Creativity Draws on the Deep Well of the Past
In the tetralogy “Joseph and His Brothers”, Thomas Mann states, “Deep is the well of the past…”. Sometimes this well is bottomless and it may appear far away and passed, yet all of our actions and everyday decisions come to life by its contents. It is the fundamental substrate, the raw material from which to draw the basic connections of our creativity.
Octagonal Well in the Cloister of Giuliano da Sangallo, Faculty of Engineering, Via Eudossiana, Rome
The image of the well, used by Thomas Mann, is very significant. In symbolism, the well is the place where you take contact with the deep self and where to get water that gives life. The ancient times remind us of the socializing role of the well, invested with an aura of sacredness, where sharing with others took place. It was a kind of sanctuary that connected the depth from which life is born with the sky, the giver of light and wisdom. While overlooking from the edge of a well, you feel connected with an underground world evocating our most intimate part, in a matrix of infinitely extended sensations that accompanies every human work of creative transformation.
Nowadays, there is much talk of “creativity” although it would be more correct to call it “interpretability” or “capacity for change or transformation”. The original creative act, the supreme action where the form becomes from nothing, does not belong to the human sphere. However, history tells us of countless intuitive actions that have enlightened our path over the centuries and that — for simplicity — have been called “creative”, giving this term a much broader meaning. In truth, what we mean by “creative virtue”, the ability to produce with the intellect and the imagination one or more original ideas, represents a different talent: the modern “creative” uses — often unconsciously — his great interpretation skills of a structuring base of ancient experience from which — with the help of dazzling intuitions — he “transforms” and changes concepts and ideas, adapting them to the times.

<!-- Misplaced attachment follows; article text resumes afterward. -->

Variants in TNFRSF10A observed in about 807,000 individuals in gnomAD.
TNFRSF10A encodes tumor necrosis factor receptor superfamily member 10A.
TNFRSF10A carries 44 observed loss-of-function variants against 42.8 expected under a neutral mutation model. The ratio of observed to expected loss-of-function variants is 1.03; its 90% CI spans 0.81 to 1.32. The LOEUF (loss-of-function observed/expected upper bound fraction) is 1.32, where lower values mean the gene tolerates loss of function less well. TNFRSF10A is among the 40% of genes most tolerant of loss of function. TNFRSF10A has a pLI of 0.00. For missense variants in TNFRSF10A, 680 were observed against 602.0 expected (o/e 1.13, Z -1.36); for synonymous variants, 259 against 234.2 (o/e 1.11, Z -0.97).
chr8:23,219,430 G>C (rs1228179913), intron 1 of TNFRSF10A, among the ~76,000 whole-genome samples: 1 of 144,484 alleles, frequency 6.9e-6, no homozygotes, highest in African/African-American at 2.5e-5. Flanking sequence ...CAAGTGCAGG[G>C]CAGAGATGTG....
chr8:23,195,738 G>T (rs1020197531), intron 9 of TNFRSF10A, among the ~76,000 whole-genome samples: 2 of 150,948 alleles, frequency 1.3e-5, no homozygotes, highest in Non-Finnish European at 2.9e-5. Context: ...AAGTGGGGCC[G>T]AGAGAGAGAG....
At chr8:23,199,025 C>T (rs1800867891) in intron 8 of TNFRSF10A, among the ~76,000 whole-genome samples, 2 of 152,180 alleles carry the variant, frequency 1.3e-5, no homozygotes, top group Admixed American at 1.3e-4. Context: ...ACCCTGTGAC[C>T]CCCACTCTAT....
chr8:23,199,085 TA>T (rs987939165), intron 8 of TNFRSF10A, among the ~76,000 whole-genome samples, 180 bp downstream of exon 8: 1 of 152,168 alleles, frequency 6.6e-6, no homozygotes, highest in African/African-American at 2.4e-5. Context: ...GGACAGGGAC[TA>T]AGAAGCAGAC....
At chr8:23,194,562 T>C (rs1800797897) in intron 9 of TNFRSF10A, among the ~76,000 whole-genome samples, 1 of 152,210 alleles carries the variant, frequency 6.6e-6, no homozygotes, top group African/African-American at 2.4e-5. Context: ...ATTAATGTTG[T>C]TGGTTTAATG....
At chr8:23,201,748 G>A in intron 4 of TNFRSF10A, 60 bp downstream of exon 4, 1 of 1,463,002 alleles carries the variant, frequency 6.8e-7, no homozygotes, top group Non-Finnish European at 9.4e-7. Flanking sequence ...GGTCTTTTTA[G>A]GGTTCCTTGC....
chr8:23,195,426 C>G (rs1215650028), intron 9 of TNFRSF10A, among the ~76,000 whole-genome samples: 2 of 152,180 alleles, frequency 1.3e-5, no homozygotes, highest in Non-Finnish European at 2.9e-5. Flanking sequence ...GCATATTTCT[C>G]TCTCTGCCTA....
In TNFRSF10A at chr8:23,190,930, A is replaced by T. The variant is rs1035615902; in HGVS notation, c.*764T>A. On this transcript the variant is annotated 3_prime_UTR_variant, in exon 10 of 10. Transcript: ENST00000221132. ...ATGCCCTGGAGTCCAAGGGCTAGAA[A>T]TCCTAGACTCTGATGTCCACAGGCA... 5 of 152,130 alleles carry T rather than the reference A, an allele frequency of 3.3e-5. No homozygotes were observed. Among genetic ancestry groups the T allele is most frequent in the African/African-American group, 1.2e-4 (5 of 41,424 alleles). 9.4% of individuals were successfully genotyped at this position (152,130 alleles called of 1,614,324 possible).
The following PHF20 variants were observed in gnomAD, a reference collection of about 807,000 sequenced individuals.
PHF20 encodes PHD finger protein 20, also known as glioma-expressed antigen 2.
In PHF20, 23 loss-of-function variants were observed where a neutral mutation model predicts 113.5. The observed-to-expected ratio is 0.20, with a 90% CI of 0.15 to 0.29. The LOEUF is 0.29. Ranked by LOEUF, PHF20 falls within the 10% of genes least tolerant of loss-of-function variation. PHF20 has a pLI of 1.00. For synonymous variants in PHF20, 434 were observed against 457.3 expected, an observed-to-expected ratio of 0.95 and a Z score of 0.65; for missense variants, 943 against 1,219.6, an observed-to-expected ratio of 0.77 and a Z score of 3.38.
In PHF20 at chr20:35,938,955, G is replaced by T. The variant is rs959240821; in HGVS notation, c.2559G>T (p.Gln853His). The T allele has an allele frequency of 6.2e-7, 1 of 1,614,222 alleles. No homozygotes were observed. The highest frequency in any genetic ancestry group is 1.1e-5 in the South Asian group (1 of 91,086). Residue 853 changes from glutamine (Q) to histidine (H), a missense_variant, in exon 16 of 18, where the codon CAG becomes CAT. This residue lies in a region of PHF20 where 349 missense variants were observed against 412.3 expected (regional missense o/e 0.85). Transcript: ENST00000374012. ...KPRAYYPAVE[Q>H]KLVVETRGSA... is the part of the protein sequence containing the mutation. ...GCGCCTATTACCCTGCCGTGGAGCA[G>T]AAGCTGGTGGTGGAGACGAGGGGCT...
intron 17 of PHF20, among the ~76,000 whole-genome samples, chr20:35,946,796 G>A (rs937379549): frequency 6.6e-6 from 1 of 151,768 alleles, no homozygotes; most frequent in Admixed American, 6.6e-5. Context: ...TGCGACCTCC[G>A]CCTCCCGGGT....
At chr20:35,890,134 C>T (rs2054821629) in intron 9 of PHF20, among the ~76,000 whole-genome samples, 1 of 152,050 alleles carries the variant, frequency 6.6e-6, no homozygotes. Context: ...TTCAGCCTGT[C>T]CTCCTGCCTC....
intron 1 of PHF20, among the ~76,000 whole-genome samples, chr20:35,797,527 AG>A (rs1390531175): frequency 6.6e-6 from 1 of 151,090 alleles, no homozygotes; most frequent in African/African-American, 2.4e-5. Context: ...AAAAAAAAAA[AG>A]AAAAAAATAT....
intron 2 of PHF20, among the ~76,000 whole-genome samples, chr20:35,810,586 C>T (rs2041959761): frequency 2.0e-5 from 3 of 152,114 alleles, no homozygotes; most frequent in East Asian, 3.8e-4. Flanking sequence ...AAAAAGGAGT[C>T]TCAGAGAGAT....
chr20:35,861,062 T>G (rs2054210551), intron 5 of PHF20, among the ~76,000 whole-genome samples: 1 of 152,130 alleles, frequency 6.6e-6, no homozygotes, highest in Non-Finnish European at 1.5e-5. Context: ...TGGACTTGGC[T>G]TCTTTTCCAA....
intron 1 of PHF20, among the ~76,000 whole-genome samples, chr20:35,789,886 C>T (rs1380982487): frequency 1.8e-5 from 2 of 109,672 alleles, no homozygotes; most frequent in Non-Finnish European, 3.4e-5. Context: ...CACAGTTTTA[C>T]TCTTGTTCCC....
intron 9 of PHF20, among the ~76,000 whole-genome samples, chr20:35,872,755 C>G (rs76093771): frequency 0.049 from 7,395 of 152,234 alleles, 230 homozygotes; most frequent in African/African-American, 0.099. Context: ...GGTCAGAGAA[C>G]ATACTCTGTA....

The solidest and most significant change is made on the basis of strong and permanently implanted historical roots. Losing this basis can often mean losing any reference of balance and future direction.
This consideration applies to all spheres of human endeavour, even and especially in science. Over thousands of years of history that punctuate the life of man, such examples are very obvious. Our ancestors learned how to preserve and transport the fire and later to transform its energy to produce heat and power. When the observation of the behaviour of materials in the water has developed a growing knowledge base, the first boats were born. And so all the “inventions” made in the course of the industrial revolution are obvious results of this acute ability to transform the enriched knowledge resources. All of modern science and technology owe their success to their “Well of the Past.”
So also other areas such as human thought, politics, social sciences and art, express in their “creative” gesture the processing of an experience rooted in a solid foundation of historical knowledge and always present in the baggage of our species. Martin Heidegger stated that to understand the world, to recover our authenticity, we must return to those who thought about the world before Socrates; that is, to the origins of our amazement for the wonders of being.